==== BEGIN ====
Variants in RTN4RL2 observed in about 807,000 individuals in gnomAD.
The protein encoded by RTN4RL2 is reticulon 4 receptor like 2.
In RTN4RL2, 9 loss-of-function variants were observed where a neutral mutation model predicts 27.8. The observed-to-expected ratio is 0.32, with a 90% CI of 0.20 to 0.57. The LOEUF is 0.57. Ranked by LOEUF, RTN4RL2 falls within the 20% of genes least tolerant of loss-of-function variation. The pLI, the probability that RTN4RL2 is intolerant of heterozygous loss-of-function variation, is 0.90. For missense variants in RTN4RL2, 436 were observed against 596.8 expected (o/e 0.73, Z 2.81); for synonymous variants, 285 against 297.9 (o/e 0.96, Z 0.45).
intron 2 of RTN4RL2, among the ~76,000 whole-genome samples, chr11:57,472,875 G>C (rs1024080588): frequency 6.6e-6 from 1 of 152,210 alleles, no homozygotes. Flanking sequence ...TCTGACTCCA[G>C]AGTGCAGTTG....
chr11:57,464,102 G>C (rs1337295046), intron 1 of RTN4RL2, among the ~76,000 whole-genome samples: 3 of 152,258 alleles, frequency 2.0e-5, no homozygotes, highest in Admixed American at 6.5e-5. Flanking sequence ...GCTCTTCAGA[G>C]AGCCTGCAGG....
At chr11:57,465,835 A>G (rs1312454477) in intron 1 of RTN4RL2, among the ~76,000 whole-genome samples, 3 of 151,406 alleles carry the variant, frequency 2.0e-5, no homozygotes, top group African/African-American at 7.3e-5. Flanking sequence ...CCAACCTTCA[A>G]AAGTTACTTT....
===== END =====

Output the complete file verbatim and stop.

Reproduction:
Variants in RTN4RL2 observed in about 807,000 individuals in gnomAD.
The protein encoded by RTN4RL2 is reticulon 4 receptor like 2.
In RTN4RL2, 9 loss-of-function variants were observed where a neutral mutation model predicts 27.8. The observed-to-expected ratio is 0.32, with a 90% CI of 0.20 to 0.57. The LOEUF is 0.57. Ranked by LOEUF, RTN4RL2 falls within the 20% of genes least tolerant of loss-of-function variation. The pLI, the probability that RTN4RL2 is intolerant of heterozygous loss-of-function variation, is 0.90. For missense variants in RTN4RL2, 436 were observed against 596.8 expected (o/e 0.73, Z 2.81); for synonymous variants, 285 against 297.9 (o/e 0.96, Z 0.45).
intron 2 of RTN4RL2, among the ~76,000 whole-genome samples, chr11:57,472,875 G>C (rs1024080588): frequency 6.6e-6 from 1 of 152,210 alleles, no homozygotes. Flanking sequence ...TCTGACTCCA[G>C]AGTGCAGTTG....
chr11:57,464,102 G>C (rs1337295046), intron 1 of RTN4RL2, among the ~76,000 whole-genome samples: 3 of 152,258 alleles, frequency 2.0e-5, no homozygotes, highest in Admixed American at 6.5e-5. Flanking sequence ...GCTCTTCAGA[G>C]AGCCTGCAGG....
At chr11:57,465,835 A>G (rs1312454477) in intron 1 of RTN4RL2, among the ~76,000 whole-genome samples, 3 of 151,406 alleles carry the variant, frequency 2.0e-5, no homozygotes, top group African/African-American at 7.3e-5. Flanking sequence ...CCAACCTTCA[A>G]AAGTTACTTT....